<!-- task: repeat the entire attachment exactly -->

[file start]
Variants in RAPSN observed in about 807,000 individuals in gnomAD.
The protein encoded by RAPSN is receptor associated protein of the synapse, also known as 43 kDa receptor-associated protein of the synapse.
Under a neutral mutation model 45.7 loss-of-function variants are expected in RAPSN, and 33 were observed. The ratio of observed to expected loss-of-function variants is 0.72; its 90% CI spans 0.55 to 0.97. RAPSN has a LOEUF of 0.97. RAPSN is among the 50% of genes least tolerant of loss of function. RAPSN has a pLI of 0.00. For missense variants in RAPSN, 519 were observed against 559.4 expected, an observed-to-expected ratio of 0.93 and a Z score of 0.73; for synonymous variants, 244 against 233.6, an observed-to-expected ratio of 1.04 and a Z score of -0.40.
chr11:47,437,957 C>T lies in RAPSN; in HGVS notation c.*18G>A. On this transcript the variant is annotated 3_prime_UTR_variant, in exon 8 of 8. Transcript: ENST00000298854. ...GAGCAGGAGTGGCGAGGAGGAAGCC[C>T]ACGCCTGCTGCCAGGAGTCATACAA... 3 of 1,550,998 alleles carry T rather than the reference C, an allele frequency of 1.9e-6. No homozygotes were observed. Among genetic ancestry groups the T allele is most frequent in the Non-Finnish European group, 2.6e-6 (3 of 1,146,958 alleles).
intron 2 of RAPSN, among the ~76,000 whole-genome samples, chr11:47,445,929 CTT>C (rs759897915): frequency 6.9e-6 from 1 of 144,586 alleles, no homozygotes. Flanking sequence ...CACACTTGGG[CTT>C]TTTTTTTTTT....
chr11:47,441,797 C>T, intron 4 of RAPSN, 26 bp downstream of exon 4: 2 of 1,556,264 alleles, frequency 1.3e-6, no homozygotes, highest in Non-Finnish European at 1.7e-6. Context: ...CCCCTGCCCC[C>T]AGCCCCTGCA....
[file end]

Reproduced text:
Variants in RAPSN observed in about 807,000 individuals in gnomAD.
The protein encoded by RAPSN is receptor associated protein of the synapse, also known as 43 kDa receptor-associated protein of the synapse.
Under a neutral mutation model 45.7 loss-of-function variants are expected in RAPSN, and 33 were observed. The ratio of observed to expected loss-of-function variants is 0.72; its 90% CI spans 0.55 to 0.97. RAPSN has a LOEUF of 0.97. RAPSN is among the 50% of genes least tolerant of loss of function. RAPSN has a pLI of 0.00. For missense variants in RAPSN, 519 were observed against 559.4 expected, an observed-to-expected ratio of 0.93 and a Z score of 0.73; for synonymous variants, 244 against 233.6, an observed-to-expected ratio of 1.04 and a Z score of -0.40.
chr11:47,437,957 C>T lies in RAPSN; in HGVS notation c.*18G>A. On this transcript the variant is annotated 3_prime_UTR_variant, in exon 8 of 8. Transcript: ENST00000298854. ...GAGCAGGAGTGGCGAGGAGGAAGCC[C>T]ACGCCTGCTGCCAGGAGTCATACAA... 3 of 1,550,998 alleles carry T rather than the reference C, an allele frequency of 1.9e-6. No homozygotes were observed. Among genetic ancestry groups the T allele is most frequent in the Non-Finnish European group, 2.6e-6 (3 of 1,146,958 alleles).
intron 2 of RAPSN, among the ~76,000 whole-genome samples, chr11:47,445,929 CTT>C (rs759897915): frequency 6.9e-6 from 1 of 144,586 alleles, no homozygotes. Flanking sequence ...CACACTTGGG[CTT>C]TTTTTTTTTT....
chr11:47,441,797 C>T, intron 4 of RAPSN, 26 bp downstream of exon 4: 2 of 1,556,264 alleles, frequency 1.3e-6, no homozygotes, highest in Non-Finnish European at 1.7e-6. Context: ...CCCCTGCCCC[C>T]AGCCCCTGCA....